Love One Another! 2/2003 → a testimony
Our family was out for a drive when we stopped in at a country coffee shop. It was a small place with linoleum floors and plastic stacking chairs. Against one wall a bearded man was writing on a cigarette pack, and drinking coffee.
The owner, who was both cook and waiter, seemed overwhelmed by our order of seven grilled cheese sandwiches. He told us he and his wife were expecting a third child. The crying of his second youngster could be heard over the child monitor on the counter. His wife, he told us, was having a nap in their apartment above the restaurant. He darted upstairs to tend to the baby and we looked around.
The radio was playing the local station. At another table we saw two lads in their early twenties. They were rough looking, unshaven and unkempt, surrounded with duffel bags. One had a pony tail, the other, an earring. They both wore a disconcerting, scowling expression that suggested they would be as at home breaking and entering as sipping coffee in a restaurant. The owner came back down and spoke softly to the bearded man who got up to leave. We then exchanged some polite words with the owner as he started our order. The man with the beard returned, handed over a bottle of ketchup, a fistful of change, then took his place at his table.
As soon as our food arrived, we said grace. This we said as we always do, trying not to hurry too much in spite of our hunger. It was a discreetly said prayer, noticeable only to any who cared to watch. After we had been eating a while, the bigger of the two lads walked over and asked if he could talk to me.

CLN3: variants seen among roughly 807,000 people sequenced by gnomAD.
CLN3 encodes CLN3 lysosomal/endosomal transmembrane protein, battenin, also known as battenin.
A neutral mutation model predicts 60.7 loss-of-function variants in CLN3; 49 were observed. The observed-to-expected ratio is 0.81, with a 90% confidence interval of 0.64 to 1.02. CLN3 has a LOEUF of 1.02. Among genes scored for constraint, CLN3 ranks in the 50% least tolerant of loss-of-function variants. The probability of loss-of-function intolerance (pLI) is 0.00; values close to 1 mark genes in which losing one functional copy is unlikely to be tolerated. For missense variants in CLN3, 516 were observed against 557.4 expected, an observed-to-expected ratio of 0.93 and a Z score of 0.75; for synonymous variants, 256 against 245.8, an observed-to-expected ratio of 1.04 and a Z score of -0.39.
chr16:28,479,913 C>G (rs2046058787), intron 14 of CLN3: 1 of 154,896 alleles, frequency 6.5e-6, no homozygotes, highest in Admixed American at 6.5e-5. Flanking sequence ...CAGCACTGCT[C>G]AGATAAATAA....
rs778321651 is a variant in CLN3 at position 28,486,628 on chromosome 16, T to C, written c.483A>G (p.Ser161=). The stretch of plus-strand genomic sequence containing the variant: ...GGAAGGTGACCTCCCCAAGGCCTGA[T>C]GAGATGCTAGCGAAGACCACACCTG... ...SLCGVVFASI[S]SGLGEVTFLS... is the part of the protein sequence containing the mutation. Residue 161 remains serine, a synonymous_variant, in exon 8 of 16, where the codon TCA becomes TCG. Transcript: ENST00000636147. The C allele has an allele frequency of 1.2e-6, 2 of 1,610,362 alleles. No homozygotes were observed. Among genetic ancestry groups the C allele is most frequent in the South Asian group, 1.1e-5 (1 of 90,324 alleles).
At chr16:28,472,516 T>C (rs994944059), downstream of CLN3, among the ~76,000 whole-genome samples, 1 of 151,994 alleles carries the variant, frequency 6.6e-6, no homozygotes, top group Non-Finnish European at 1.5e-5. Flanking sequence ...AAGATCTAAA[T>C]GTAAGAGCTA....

“Yes?” I answered.
“Would you say a prayer for me and my friend?” He asked. “We’re hitch-hiking back home to Sault Ste. Marie and we’re a little scared.”
In my confusion, I muttered that I would. He continued to stand beside me.
“Do you mean now? Here? Or back in the car when we leave?” I asked.
“Now, with me,” he stated.
We had the children bless themselves and we began. We said a Hail Mary, petitioned whatever Saints we could think of, and followed this up with a short prayer to the Sacred Heart. We asked Our Lord to protect the two boys on their journey. The lad thanked me and rejoined his friend.
We felt completely humbled. That look I had taken to be typical of the “teenage attitude” had in fact been one of fear. My wife, Theresa, mused that in just a few years our own five children could easily be in a similar position. She went up to the boys to offer them some money. They blushed, protested, but ended up gratefully accepting it. The cook and the bearded man looked on without comment. We finished our meal feeling quite different from when we had come in.
Grace before our meal had been just that, grace. What had we done? We had done nothing but bless ourselves, yet this sign of the cross had overcome the boys’ fear. Our Holy Father is telling us not to be afraid. Fear is useless. It is fear that makes us timid in the practice of our faith. We fear ridicule, our own weakness, what strangers might think. Yet God will make use of the tiniest bit of earnest witness on our part to diffuse his grace to the world around us.